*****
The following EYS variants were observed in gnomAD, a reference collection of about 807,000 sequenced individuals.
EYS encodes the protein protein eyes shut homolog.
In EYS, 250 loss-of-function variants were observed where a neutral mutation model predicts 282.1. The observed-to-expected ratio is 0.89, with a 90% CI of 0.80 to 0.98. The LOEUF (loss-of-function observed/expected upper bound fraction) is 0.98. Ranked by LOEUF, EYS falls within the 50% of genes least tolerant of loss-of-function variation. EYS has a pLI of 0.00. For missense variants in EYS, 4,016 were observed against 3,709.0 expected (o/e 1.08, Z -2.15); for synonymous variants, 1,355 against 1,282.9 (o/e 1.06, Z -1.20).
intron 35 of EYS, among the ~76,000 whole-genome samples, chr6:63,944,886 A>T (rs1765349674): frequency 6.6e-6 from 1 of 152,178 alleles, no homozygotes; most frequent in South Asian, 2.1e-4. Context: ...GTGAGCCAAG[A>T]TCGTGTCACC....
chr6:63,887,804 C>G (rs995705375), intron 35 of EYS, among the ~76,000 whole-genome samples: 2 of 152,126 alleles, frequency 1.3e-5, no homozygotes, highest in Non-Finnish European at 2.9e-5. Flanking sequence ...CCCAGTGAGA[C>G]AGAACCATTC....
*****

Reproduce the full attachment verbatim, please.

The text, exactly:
The following EYS variants were observed in gnomAD, a reference collection of about 807,000 sequenced individuals.
EYS encodes the protein protein eyes shut homolog.
In EYS, 250 loss-of-function variants were observed where a neutral mutation model predicts 282.1. The observed-to-expected ratio is 0.89, with a 90% CI of 0.80 to 0.98. The LOEUF (loss-of-function observed/expected upper bound fraction) is 0.98. Ranked by LOEUF, EYS falls within the 50% of genes least tolerant of loss-of-function variation. EYS has a pLI of 0.00. For missense variants in EYS, 4,016 were observed against 3,709.0 expected (o/e 1.08, Z -2.15); for synonymous variants, 1,355 against 1,282.9 (o/e 1.06, Z -1.20).
intron 35 of EYS, among the ~76,000 whole-genome samples, chr6:63,944,886 A>T (rs1765349674): frequency 6.6e-6 from 1 of 152,178 alleles, no homozygotes; most frequent in South Asian, 2.1e-4. Context: ...GTGAGCCAAG[A>T]TCGTGTCACC....
chr6:63,887,804 C>G (rs995705375), intron 35 of EYS, among the ~76,000 whole-genome samples: 2 of 152,126 alleles, frequency 1.3e-5, no homozygotes, highest in Non-Finnish European at 2.9e-5. Flanking sequence ...CCCAGTGAGA[C>G]AGAACCATTC....